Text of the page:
Glass Houses Summary & Study Guide

This Study Guide consists of approximately 67 pages of chapter summaries, quotes, character analysis, themes, and more - everything you need to sharpen your knowledge of Glass Houses.
This section contains 612 words
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Glass Houses Summary & Study Guide Description

Glass Houses Summary & Study Guide includes comprehensive information and analysis to help you understand the book. This study guide contains the following sections:

This detailed literature summary also contains Quotes and a Free Quiz on Glass Houses by .

The following version of the novel was used to create this study guide: Penny, Louise. Glass Houses. Minotaur Books, August 29, 2017. Kindle.

In Glass Houses by Louise Penny, the Sûreté’s Chief Superintendent Armand Gamache had to fight his own conscience as he tried to rebuild the law enforcement department and make Québec safer by bringing down large drug cartels. In order to make progress, Gamache had to make calls that he knew would have devastating consequences not only on his own career, but on the careers of others and the lives of strangers. Gamache tried to reason that the end results would outweigh the costs he would have to pay.

It was the appearance of a black-robed figure on the village green in Three Pines that alerted Gamache there was danger coming. Gamache and his second-in-command, Jean-Guy Beauvoir learned that the figure was a cobrador, a person who came to provoke the conscience of a person who had committed a crime but never been punished for it. No one was sure why the cobrador had come, but they were relieved when he disappeared after a few days.

The day after the cobrador disappeared, however, Reine-Marie, Gamache’s wife found a person dressed in the cobrador’s costume in the basement of the church. That person was dead. Investigators discovered the dead person was Katie Evans, a woman who had come to Three Pines with her friends on a yearly reunion. No one seemed to know why Katie had been killed or who might have killed her. Investigators were also baffled because Reine-Marie did not mention having seen a bloody bat in the small room where she had found Katie’s body. When investigators first saw the scene, the bat was prominent. They could not understand how the bat had been returned to the murder scene or why it had been returned. The bat was the key that led Gamache to realize the church, which had once been used for rum-running during the Prohibition, was being used in the modern drug trade. He discovered a secret door in the small room where Katie’s body was found the led directly to the wood near the Canadian-American border.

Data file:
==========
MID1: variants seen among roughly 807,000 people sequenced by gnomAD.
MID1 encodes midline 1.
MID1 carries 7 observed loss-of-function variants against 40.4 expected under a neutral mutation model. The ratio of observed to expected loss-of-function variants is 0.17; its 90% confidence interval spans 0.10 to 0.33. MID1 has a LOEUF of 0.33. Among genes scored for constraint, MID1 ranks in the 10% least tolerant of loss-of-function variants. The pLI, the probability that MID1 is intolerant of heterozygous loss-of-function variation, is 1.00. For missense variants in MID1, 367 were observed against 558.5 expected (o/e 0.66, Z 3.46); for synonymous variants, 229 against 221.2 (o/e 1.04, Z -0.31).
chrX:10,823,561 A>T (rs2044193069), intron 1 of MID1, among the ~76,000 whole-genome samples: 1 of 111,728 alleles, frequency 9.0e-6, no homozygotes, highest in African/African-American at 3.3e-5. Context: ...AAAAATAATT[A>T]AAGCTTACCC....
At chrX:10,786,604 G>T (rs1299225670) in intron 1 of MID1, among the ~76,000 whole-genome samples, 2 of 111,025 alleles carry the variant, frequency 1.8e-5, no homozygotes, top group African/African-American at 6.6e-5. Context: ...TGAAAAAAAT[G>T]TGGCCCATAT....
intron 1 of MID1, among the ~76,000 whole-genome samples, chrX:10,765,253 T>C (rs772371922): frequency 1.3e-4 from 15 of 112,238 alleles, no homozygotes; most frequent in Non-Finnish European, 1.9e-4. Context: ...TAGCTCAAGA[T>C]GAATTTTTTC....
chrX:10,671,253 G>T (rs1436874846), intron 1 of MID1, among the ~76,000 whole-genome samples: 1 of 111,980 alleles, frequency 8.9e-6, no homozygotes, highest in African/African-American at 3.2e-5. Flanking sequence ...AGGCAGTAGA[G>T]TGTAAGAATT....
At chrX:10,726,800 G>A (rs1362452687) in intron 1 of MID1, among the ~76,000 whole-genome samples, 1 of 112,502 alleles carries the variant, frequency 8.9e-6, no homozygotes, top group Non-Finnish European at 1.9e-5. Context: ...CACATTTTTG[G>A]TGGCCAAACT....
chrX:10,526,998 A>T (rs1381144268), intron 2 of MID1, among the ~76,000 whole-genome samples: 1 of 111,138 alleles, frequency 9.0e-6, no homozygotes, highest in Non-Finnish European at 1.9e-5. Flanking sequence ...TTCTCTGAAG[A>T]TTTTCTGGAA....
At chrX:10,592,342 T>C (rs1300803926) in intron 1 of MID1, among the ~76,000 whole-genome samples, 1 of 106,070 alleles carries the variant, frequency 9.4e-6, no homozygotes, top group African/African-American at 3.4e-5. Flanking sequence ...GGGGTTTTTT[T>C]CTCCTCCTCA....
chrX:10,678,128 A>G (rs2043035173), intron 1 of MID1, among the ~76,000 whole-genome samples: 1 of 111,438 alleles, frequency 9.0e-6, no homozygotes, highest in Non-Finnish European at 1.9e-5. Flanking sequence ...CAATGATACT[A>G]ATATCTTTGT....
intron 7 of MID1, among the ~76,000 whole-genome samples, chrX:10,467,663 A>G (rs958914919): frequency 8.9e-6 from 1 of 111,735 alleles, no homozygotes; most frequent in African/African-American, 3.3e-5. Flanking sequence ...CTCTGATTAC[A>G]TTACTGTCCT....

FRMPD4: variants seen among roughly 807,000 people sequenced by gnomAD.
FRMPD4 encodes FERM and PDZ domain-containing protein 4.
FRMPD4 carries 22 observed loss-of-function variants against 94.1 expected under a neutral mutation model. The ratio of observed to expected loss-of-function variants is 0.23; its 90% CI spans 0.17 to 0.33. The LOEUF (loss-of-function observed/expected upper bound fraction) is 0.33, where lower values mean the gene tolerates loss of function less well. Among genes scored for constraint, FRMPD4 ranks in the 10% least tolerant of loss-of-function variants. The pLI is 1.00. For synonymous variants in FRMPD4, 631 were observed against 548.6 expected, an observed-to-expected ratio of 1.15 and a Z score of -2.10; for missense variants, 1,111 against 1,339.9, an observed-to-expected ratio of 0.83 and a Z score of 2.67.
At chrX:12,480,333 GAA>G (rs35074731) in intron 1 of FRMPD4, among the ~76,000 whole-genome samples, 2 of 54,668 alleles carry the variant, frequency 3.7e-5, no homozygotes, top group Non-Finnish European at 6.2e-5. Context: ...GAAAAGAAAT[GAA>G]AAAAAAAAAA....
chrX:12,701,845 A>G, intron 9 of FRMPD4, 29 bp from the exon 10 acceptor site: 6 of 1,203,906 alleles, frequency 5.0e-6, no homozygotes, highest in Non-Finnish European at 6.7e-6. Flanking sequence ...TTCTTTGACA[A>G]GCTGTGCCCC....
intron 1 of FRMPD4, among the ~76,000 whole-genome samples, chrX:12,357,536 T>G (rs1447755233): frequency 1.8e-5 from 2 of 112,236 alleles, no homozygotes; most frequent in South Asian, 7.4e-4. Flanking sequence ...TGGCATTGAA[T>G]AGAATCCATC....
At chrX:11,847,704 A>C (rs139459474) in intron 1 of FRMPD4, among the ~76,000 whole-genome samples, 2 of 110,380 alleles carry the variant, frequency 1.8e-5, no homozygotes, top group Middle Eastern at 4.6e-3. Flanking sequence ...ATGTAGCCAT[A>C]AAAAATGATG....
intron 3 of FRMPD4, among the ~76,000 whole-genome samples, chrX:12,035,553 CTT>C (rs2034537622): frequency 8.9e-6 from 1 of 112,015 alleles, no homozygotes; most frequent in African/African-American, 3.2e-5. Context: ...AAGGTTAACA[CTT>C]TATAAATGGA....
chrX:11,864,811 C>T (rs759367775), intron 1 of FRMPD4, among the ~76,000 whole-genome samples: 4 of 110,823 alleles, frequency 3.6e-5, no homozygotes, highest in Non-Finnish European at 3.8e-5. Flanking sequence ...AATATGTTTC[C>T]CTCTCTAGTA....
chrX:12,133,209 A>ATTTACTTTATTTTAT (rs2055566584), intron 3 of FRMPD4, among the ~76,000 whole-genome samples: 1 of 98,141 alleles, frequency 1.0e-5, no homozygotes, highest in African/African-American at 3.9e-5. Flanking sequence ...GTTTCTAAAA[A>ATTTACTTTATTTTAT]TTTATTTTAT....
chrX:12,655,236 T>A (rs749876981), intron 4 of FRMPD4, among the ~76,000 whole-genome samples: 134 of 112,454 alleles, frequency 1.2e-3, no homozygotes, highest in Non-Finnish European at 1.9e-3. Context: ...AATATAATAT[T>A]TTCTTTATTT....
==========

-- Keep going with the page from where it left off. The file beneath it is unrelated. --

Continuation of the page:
Meanwhile, Gamache and his officers were biding their time and trying to appear incompetent as they led the leader of a major drug cartel into a trap. Gamache knew they were losing the war on drugs and could only make any progress by making a major hit. Penny alternates scenes from the trial against Katie’s murderer with scenes at the time of Katie’s murder as she details how Gamache developed his plan to trick the drug cartel leader into complacency. She also describes how Gamache committed perjury when he lied on the stand about the baseball bat and its placement in order to keep the drug cartel from knowing the officers were wise to them.

At the end of the novel, Gamache, Beauvoir and the other officers were successful in their fight against the drug cartels. Even though Gamache was praised for going against the law and following his own conscience, he was relieved of duty and forced to undergo an investigation.

Gamache also discovered that Katie’s murder was motivated by the death of her college boyfriend, Edouard. Edouard had been high on drugs and had jumped from the roof of his college dorm after Katie broke up with him. Katie and Edouard’s other friends blamed his death on the man who sold Edouard the drugs. Edouard’s sister, however, blamed Katie. She killed Katie in an attempt to get revenge for her brother’s murder.

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This section contains 612 words
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